I’ve had some pretty expensive thoughts lately. You see, in my life I have a real knack for being able to spot the inadequacies and shortcomings of my brothers and sisters in Christ. I love to critically examine their lives because it is a good way for my pride to get a boost and it doesn’t really cost me anything. But lately, I’ve started to see the shortcomings in my own life pretty clearly. The only problem with facing your own shortcomings is that oftentimes these realizations can be quite costly. I’ve started to see that in my life—most of the time—I am all talk and no action. So I figured maybe instead of pointing out the problems of Christians in the world, I would instead point out the problems I see in my life and how I hope to change myself in order to further Christ’s Kingdom on this earth.
One of my favorite things to do is to go to my local Christian bookstore about once a week to check out the new goods on their shelves. Rarely do I leave without spending $20 on the latest CD or book that catches my eye. Now I don’t think there is anything downright wrong or evil in this behavior, but during my last visit to the bookstore, I suddenly felt a strong conviction about how I spend my money. I asked myself: Is it pleasing to Christ for me to drop $15 on a CD with the newest renditions of my favorite worship songs, or $20 on the new book by one of my favorite Christian authors? Now I am not and will not speak about how others should spend their money—remember, I’m trying to figure out my own thoughts. Everyone is entitled to their own opinions and must be convinced in their own minds. But I believe I have let the consumerism that is so prevalent in America to grab a hold of me, thus affecting the way I spend money in the Christian sub-culture. Maybe the next time I go to the Christian bookstore, instead of spending $20 on a book that will explain in detail how to love my neighbor, I should take that $20 and use it to provide safe drinking water, or nourishing food for any one of the millions of people around the globe who currently live without.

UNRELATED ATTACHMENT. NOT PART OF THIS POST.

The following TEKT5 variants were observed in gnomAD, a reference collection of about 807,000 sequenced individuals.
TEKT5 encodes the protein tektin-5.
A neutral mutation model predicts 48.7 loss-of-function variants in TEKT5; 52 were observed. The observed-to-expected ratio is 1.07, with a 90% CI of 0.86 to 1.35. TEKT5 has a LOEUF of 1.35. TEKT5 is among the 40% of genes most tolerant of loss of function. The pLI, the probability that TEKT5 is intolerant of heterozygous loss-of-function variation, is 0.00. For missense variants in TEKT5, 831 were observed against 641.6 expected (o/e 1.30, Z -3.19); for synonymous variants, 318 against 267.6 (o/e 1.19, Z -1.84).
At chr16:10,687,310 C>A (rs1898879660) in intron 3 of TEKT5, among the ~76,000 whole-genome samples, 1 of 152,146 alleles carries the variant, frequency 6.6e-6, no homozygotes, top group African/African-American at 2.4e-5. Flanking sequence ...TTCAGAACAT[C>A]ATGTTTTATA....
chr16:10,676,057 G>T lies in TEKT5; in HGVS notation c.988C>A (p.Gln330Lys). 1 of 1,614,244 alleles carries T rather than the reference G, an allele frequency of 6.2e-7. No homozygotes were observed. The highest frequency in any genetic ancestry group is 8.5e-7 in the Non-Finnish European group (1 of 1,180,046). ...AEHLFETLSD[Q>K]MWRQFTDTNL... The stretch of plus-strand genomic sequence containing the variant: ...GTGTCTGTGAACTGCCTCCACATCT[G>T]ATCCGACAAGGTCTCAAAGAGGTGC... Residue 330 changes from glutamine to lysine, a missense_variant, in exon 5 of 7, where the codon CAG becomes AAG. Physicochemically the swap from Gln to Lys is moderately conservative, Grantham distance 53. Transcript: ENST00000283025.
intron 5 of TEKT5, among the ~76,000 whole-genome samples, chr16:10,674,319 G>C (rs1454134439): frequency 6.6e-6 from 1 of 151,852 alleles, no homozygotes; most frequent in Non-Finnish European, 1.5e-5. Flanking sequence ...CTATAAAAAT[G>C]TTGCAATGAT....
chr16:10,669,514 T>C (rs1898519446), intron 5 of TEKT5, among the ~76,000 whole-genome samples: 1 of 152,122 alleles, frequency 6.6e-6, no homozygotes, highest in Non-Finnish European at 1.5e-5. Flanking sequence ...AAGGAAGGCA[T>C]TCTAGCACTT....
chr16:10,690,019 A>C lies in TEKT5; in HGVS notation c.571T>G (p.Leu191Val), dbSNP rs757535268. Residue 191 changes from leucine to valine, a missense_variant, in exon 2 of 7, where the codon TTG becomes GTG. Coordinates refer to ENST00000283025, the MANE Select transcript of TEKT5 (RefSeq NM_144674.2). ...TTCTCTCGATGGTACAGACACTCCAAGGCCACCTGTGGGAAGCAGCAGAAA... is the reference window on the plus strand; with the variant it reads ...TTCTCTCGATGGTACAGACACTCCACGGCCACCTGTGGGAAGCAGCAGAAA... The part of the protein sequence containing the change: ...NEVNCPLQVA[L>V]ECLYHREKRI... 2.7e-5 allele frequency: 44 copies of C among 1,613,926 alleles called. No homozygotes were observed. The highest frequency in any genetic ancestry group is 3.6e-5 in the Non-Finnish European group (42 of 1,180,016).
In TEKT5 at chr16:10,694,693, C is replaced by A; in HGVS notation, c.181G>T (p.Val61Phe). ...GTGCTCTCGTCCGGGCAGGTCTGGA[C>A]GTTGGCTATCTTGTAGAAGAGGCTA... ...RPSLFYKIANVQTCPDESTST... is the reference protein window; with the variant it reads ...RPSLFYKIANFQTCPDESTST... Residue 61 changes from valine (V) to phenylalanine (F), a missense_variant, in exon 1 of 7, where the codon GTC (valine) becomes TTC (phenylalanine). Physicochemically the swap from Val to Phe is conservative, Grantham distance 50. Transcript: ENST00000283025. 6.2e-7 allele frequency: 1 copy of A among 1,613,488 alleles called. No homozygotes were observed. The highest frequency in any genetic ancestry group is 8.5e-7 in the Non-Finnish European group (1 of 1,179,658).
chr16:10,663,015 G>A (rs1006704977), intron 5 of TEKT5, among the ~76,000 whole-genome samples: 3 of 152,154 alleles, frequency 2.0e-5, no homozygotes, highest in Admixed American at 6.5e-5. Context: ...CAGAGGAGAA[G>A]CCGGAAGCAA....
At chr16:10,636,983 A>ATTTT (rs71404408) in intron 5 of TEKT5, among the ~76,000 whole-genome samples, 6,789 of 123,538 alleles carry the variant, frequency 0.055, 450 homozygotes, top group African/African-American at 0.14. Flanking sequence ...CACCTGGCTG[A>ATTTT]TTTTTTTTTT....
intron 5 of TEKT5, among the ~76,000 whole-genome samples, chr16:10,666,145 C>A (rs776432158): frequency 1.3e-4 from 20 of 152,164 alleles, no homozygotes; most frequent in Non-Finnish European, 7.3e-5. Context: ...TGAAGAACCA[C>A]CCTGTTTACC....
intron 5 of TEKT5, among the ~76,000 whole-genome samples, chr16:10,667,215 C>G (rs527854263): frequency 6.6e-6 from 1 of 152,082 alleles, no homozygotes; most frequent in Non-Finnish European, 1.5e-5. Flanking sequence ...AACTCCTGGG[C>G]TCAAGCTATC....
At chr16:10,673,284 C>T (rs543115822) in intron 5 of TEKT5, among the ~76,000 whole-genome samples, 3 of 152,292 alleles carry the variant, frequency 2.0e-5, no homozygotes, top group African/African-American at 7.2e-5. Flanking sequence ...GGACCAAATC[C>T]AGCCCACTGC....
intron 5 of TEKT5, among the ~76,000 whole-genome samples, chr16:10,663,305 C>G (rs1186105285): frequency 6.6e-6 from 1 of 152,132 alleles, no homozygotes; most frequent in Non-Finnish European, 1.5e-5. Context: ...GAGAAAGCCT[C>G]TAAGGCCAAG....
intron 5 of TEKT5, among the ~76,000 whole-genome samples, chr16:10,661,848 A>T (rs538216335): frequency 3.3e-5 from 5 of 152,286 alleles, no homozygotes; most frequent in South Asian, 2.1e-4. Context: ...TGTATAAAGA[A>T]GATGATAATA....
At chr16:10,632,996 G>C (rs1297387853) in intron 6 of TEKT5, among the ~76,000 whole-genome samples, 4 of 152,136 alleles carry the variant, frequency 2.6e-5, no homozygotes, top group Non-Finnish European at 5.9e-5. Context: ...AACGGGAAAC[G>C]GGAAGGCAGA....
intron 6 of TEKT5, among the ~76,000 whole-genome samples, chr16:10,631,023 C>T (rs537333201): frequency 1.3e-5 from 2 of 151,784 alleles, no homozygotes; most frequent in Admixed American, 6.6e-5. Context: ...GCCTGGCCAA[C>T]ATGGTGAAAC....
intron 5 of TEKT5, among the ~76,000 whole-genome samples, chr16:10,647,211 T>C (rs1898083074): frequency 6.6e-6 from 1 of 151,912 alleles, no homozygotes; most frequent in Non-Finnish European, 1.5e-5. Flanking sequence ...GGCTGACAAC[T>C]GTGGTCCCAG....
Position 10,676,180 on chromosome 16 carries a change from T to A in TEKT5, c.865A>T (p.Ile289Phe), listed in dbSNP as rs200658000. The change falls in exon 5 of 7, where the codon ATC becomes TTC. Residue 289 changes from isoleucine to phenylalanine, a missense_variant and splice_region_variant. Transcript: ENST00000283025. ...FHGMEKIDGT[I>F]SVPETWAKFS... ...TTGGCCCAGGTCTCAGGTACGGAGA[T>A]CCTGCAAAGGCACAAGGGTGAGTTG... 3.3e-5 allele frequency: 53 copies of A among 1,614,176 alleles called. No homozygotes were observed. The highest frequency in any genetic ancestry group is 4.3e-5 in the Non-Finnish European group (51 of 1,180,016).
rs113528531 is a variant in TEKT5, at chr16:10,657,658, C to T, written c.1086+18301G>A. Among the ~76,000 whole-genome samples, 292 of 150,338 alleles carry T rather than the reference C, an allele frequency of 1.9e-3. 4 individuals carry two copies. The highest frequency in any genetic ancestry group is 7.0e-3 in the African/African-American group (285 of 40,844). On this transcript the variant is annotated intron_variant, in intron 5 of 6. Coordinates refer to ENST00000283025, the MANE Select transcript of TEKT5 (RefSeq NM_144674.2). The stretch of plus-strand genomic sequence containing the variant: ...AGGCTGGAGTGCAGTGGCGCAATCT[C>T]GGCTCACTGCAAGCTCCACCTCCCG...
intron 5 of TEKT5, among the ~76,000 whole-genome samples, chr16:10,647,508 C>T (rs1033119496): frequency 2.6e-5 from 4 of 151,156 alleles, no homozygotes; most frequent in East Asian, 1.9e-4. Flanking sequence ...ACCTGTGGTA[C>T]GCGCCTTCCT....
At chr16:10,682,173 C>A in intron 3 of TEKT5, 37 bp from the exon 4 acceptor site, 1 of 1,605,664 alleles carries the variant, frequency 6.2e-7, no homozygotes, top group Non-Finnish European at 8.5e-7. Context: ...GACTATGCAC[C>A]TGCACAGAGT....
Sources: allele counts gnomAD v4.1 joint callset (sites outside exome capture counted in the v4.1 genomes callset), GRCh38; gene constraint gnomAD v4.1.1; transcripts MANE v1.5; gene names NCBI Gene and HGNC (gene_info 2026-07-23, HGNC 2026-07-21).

A couple of days after my trip to the bookstore, I spent a few hours on the World Vision web site (www.worldvision.org) and became convinced that I need to make some drastic changes in the way I spend my money. I waste so much money on food and carbonated beverages while so many people in this world are dying of starvation. If I simply gave up drinking carbonated beverages, which are so unhealthy for me anyways, I could contribute well over $500 a year to provide basic needs to those without. I asked myself: Isn’t that worth it? Wouldn’t it be worth giving up soda in order to provide clothing, food and clean water for three children a year? The answer in my own life has become quite clear. Yet there are so many other things I could sacrifice … I could give up at least one meal a month with my wife at a nice restaurant, and contribute another $350 a year. Slowly, the more I let my mind dwell on these thoughts, the more I began to feel a little like Oskar Schindler in the movie Schindler’s List, except it is not too late for me. In many ways, it is just the beginning.
I am now faced with the question, am I willing to deny myself for the sake of others? Am I willing to make sacrifices in my own life to better the life of someone else? Soren Kierkegaard once described two types of Christians: the first being those who imitate Jesus Christ, and the second being those who are content to only speak about him. All too often I fall into the latter category. I would rather choose comfort than Christ. Yet by His grace and conviction, I have been able to see more clearly my own shortcomings and the changes I could make in my life, which would draw me further away from the love of this world, and closer to the love of Christ.
I’ll be honest with you. I haven’t really decided if I want to keep these thoughts or not. These thoughts are each pretty costly and would force me to strive to change many things in my life, and frankly, that’s just not fun. But then again … maybe these expensive thoughts might be worth it.